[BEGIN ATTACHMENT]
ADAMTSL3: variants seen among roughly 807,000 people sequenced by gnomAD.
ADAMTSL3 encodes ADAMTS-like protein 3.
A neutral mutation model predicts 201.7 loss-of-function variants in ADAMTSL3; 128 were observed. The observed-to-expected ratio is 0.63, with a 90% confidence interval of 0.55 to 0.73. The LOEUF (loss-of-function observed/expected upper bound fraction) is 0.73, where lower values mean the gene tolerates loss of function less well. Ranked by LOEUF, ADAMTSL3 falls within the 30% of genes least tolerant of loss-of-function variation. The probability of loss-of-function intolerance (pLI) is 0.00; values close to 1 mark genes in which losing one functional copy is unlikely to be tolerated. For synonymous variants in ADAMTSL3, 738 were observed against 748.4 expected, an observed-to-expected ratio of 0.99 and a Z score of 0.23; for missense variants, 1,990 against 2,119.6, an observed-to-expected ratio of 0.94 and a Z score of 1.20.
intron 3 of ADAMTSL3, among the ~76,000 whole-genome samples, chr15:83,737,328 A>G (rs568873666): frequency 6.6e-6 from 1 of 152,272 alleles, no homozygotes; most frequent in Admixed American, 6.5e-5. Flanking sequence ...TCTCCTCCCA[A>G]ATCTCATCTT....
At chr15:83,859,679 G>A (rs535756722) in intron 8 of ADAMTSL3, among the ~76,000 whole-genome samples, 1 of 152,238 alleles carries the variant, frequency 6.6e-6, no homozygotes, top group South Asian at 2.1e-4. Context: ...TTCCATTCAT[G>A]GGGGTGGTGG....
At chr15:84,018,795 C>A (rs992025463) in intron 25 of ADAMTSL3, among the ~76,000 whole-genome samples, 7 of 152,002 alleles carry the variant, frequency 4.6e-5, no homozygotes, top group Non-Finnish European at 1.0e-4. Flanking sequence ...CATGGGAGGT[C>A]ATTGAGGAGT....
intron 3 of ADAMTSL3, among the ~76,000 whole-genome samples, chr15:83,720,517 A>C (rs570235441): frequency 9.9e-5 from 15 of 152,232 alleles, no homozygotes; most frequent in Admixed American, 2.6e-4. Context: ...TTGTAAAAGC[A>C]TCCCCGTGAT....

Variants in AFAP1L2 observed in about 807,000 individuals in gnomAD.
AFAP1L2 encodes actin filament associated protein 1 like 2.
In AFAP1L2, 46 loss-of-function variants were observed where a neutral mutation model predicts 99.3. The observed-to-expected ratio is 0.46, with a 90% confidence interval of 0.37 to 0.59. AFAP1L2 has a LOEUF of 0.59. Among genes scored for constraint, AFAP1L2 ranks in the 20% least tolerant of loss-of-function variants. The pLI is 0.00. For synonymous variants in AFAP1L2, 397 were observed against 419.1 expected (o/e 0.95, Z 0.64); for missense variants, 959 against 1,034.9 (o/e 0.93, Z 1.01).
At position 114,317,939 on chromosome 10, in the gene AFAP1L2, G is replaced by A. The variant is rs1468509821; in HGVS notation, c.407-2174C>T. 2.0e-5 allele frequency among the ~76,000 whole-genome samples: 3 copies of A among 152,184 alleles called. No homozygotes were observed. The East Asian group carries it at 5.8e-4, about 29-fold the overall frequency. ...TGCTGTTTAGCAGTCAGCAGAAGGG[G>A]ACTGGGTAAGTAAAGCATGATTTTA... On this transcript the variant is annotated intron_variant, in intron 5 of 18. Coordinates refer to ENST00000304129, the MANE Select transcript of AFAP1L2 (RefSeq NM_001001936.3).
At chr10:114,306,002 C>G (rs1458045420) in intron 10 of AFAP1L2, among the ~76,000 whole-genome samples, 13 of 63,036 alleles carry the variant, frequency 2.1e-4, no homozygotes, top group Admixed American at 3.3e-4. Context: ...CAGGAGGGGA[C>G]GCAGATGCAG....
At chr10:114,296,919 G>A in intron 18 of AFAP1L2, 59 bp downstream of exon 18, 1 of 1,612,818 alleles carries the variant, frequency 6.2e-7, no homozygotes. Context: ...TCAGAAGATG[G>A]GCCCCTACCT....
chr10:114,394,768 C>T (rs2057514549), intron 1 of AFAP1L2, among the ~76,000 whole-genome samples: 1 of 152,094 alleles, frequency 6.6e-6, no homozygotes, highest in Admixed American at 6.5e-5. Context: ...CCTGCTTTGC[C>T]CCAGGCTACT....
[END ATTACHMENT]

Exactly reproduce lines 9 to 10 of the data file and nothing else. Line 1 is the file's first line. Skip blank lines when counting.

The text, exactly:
AFAP1L2 encodes actin filament associated protein 1 like 2.
In AFAP1L2, 46 loss-of-function variants were observed where a neutral mutation model predicts 99.3. The observed-to-expected ratio is 0.46, with a 90% confidence interval of 0.37 to 0.59. AFAP1L2 has a LOEUF of 0.59. Among genes scored for constraint, AFAP1L2 ranks in the 20% least tolerant of loss-of-function variants. The pLI is 0.00. For synonymous variants in AFAP1L2, 397 were observed against 419.1 expected (o/e 0.95, Z 0.64); for missense variants, 959 against 1,034.9 (o/e 0.93, Z 1.01).